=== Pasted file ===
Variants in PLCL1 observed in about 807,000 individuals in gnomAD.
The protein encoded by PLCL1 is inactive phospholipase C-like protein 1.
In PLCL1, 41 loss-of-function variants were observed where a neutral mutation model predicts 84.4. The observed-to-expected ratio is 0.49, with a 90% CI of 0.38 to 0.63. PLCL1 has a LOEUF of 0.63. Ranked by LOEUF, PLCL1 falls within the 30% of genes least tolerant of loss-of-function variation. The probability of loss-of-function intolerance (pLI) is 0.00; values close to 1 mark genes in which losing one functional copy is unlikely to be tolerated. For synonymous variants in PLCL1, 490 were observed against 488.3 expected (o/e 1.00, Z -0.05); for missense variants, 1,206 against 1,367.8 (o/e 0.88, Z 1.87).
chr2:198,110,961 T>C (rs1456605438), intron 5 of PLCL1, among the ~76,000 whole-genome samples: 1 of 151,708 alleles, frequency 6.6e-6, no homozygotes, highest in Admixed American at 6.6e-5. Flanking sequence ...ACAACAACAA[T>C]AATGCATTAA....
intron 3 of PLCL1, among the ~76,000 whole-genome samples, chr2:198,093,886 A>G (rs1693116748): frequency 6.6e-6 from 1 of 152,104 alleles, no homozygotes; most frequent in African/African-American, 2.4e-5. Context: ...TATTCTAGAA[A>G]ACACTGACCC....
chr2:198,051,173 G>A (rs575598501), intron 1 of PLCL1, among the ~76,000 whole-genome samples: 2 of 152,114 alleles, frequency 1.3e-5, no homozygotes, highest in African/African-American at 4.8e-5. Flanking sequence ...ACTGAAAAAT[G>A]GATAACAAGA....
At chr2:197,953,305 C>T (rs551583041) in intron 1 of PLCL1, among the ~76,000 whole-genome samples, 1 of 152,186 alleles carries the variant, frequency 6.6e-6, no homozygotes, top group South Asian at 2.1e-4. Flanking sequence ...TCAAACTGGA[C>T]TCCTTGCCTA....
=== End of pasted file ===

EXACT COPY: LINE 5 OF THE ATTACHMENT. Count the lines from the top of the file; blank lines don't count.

intron 3 of PLCL1, among the ~76,000 whole-genome samples, chr2:198,093,886 A>G (rs1693116748): frequency 6.6e-6 from 1 of 152,104 alleles, no homozygotes; most frequent in African/African-American, 2.4e-5. Context: ...TATTCTAGAA[A>G]ACACTGACCC....